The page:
Some researchers have even used the amount of methylation in certain genes as a biological clock, as it occurs in individual genes is proportional to age. The implications include, but are not limited to:

  • Causes cancer
  • Lowers immune system function
  • Damages brain health
  • Lowers energy and exercise
  • Quickens aging

It can inactivate certain tumor-suppressor genes and stop the expression of mRNAs that play a role in tumor suppression [2].

Additionally, external, environmental factors can alter methylation. In other words, while abnormal methylation in DNA can replicate itself and be passed down, this balance can also be altered by everything around us [6].

2) DNA Hypomethylation

Too little of methylation can also be harmful.

If there is insufficient methylation in the body, it can cause genomic instability and cell transformation [2].

And although hypermethylation was thought to be more common in cancers, cancers seem to equally have hypomethylation. Hypomethylation can be beneficial for cancer short-term, but it may also speed up cancer growth [7].

This methylation in cancer has been described as “too much, but too little”. In cancer, some parts of the DNA are overmethylated, and other parts undermethylated, leading to a complete dysbalance of the normal methylation cycle [8].

And aside from cancer, hypomethylation may also contribute to inflammation (leading to atherosclerosis) and autoimmune diseases, such as lupus, multiple sclerosis [5].

3) DNA Demethylation

DNA demethylation can also play a role in the formation of tumors [9].

But during embryo development, this process is crucial. Scientists have long struggled to understand how complex biochemical messages are communicated in the embryo to enable identical stem cells to develop into specialized cells, tissues, and organs. Demethylation happens in early embryos and is essential for stem cells to be able to differentiate into different cell types. Parts of DNA are turned on or off, and then modified via demethylation again for healthy development to take place [10].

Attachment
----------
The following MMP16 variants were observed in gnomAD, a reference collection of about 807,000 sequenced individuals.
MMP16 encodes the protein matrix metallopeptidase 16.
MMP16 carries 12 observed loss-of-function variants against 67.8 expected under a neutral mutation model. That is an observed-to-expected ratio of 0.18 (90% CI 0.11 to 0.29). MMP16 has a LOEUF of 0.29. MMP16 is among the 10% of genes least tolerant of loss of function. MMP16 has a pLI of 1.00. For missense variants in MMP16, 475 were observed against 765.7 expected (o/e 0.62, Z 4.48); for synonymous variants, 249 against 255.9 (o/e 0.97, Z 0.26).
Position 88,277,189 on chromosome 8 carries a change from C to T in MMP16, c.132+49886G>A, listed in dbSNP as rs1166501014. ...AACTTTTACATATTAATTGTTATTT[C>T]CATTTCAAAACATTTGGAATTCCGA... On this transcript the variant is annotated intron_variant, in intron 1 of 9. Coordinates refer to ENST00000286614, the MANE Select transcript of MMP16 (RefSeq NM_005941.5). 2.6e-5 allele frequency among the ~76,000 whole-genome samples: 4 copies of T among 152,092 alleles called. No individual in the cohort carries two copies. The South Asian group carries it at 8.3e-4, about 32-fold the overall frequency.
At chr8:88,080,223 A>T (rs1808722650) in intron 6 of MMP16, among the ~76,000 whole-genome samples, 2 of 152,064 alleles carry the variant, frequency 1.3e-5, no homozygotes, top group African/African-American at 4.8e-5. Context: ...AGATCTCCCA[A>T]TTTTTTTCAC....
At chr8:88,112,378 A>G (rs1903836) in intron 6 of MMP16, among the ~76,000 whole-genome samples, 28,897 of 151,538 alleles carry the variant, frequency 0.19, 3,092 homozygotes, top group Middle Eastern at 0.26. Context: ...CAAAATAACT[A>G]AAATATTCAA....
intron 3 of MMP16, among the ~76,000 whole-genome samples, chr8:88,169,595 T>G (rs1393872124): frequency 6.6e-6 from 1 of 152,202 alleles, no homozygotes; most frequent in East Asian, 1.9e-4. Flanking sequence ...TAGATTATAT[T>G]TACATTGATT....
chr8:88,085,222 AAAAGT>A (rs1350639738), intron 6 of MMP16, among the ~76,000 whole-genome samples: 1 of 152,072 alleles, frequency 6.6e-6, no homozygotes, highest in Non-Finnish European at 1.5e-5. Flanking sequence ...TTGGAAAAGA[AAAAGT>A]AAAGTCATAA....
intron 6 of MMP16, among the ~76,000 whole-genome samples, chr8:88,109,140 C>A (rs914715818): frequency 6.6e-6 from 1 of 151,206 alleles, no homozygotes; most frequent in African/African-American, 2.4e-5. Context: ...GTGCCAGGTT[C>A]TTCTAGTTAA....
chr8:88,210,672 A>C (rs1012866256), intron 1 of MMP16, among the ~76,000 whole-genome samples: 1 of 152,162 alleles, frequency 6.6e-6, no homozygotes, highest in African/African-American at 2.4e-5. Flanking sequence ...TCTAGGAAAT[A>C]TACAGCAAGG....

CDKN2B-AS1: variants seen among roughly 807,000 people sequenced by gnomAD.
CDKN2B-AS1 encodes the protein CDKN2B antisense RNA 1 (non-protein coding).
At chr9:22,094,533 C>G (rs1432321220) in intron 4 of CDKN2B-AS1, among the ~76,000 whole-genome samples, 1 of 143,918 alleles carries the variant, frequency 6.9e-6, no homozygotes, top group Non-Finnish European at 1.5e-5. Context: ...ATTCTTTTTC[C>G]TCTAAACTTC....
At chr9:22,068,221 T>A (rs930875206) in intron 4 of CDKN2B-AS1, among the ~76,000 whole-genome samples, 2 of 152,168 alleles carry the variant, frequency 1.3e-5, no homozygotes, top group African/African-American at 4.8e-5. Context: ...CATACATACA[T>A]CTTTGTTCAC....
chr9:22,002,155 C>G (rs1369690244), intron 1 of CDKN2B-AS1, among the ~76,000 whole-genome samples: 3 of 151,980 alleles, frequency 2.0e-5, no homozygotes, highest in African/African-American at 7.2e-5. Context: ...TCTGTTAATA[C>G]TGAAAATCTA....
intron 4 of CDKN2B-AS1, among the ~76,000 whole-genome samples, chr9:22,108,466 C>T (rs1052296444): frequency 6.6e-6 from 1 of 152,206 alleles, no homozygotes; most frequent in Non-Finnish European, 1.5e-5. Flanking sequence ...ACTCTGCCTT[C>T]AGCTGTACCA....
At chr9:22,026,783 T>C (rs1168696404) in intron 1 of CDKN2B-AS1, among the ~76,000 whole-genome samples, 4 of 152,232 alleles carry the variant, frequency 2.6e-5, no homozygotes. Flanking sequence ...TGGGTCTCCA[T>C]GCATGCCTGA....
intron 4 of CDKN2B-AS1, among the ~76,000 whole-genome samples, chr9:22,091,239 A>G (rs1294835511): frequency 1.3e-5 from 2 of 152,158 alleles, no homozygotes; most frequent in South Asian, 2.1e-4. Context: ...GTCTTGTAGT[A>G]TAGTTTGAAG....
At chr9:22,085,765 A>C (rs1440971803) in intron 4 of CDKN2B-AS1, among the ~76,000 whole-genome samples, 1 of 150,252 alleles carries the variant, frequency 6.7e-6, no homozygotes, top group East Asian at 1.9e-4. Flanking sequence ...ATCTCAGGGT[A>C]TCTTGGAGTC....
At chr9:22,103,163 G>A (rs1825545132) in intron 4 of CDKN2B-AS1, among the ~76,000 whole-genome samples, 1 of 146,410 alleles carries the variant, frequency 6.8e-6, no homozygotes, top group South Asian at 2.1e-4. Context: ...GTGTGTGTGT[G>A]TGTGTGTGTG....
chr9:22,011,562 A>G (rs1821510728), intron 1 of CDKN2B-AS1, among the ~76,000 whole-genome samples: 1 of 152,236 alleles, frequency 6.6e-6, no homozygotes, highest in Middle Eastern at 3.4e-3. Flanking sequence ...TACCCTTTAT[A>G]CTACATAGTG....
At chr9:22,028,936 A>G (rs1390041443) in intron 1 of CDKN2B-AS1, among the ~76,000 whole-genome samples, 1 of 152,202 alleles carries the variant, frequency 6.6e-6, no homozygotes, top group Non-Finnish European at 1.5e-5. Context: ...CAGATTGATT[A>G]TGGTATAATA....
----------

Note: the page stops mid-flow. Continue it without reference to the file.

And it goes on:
Demethylation removes the modification of the nucleotides from DNA [6].

Methylation And Ageing: the “Epigenetic Clock”

Methylation is not a black-or-white phenomenon. It’s not symmetrical in any way. And it’s not just a matter of if your DNA is more or less methylated, but how. It turns out that methylation increases during childhood, but most of the DNA is being methylated at that time. As we age, just the specific regions of DNA, the CpG islands become overmethylated while the rest of the DNA is undermethylated. This is the hallmark of aging [11].

Based on the pattern of CpG methylation, scientists can now predict someone’s age. This is called the “epigenetic clock” – a biomarker of aging – the specific methylation pattern of aging common to most people that tells us about our “functional age”. But there is also a “drift” in each individual, a pattern slightly different in each person from the general population, called the “epigenetic drift” that is still being explored [11].

Basically, based on your DNA methylation, scientists might be able to tell you your “epigenetic age” and compare it to your actual age. Based on this, you could be epigenetically younger or older. And if you’re epigenetically older, then this points to a greater chance of health problems [11].